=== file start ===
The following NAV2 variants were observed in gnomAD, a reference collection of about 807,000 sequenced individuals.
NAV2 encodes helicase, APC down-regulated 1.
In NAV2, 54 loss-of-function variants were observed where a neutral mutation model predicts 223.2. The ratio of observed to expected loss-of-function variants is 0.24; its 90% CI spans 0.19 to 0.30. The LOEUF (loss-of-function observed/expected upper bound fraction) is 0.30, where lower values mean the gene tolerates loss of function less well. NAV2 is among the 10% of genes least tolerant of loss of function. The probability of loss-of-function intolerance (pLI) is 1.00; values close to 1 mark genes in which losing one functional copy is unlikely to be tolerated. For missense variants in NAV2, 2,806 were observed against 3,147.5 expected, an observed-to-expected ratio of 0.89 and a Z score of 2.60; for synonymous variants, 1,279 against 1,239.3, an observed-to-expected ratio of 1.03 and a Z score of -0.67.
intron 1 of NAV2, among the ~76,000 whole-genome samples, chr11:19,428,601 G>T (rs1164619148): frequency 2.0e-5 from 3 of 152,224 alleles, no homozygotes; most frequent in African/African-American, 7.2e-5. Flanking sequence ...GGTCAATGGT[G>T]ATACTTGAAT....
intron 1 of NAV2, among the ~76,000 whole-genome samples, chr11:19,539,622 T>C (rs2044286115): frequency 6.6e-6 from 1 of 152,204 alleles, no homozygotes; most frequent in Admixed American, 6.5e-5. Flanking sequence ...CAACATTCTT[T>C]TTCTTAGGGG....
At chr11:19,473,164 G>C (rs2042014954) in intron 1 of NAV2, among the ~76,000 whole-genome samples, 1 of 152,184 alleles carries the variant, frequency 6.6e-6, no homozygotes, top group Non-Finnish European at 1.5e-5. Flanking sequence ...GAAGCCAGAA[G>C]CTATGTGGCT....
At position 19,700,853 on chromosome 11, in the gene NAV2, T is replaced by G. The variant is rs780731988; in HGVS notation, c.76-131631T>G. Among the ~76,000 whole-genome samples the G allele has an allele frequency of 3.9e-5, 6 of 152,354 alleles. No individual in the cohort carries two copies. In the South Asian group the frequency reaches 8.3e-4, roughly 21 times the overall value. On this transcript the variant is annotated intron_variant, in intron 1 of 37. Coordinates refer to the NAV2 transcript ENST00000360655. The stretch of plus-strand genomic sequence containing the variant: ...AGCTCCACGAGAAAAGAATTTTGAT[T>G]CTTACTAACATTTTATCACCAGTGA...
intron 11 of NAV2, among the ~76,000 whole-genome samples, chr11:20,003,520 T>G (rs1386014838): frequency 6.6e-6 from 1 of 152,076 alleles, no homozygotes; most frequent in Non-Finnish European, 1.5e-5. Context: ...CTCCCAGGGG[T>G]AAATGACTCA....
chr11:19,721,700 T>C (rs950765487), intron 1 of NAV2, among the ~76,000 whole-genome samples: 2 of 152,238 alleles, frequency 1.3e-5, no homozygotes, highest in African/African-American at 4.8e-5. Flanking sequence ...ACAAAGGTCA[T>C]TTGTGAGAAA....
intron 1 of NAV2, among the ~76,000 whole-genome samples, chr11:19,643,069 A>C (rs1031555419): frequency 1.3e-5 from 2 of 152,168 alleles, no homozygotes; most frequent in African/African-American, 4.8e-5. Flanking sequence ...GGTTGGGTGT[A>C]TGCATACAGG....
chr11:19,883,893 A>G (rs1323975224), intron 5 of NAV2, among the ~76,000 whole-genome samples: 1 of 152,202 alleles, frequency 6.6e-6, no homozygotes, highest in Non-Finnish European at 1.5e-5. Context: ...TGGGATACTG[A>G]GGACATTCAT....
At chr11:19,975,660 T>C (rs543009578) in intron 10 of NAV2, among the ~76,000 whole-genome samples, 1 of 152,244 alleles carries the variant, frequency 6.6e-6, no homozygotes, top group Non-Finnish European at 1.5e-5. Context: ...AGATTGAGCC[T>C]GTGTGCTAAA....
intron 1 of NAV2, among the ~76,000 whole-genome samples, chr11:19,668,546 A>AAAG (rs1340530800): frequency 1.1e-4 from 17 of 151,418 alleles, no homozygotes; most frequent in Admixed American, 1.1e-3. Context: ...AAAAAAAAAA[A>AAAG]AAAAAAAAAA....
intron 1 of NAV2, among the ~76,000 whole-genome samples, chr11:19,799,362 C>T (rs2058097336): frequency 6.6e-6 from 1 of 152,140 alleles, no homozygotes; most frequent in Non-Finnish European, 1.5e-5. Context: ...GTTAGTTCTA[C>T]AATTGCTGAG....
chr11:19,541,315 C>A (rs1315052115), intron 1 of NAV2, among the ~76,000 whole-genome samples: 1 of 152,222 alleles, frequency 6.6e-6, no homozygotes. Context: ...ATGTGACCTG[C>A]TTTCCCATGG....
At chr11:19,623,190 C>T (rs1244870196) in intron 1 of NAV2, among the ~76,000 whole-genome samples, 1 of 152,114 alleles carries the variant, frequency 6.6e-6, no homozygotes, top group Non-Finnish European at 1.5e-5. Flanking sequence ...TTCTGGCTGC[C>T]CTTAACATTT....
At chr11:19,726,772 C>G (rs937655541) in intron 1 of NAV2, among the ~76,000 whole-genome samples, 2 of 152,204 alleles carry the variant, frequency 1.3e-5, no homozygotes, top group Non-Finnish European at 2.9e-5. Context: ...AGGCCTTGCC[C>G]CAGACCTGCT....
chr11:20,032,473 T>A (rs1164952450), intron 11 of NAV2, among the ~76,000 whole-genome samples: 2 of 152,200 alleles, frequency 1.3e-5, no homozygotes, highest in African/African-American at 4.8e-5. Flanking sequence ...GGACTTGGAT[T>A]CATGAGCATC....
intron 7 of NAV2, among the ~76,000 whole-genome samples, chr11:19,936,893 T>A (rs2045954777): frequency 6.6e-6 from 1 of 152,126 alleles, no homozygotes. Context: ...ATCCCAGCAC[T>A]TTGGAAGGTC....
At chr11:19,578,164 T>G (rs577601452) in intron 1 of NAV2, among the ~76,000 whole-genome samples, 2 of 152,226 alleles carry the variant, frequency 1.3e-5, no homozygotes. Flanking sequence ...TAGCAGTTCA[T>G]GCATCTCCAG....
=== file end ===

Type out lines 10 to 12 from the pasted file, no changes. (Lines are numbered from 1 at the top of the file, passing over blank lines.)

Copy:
intron 1 of NAV2, among the ~76,000 whole-genome samples, chr11:19,643,069 A>C (rs1031555419): frequency 1.3e-5 from 2 of 152,168 alleles, no homozygotes; most frequent in African/African-American, 4.8e-5. Flanking sequence ...GGTTGGGTGT[A>C]TGCATACAGG....
chr11:19,883,893 A>G (rs1323975224), intron 5 of NAV2, among the ~76,000 whole-genome samples: 1 of 152,202 alleles, frequency 6.6e-6, no homozygotes, highest in Non-Finnish European at 1.5e-5. Context: ...TGGGATACTG[A>G]GGACATTCAT....
At chr11:19,975,660 T>C (rs543009578) in intron 10 of NAV2, among the ~76,000 whole-genome samples, 1 of 152,244 alleles carries the variant, frequency 6.6e-6, no homozygotes, top group Non-Finnish European at 1.5e-5. Context: ...AGATTGAGCC[T>C]GTGTGCTAAA....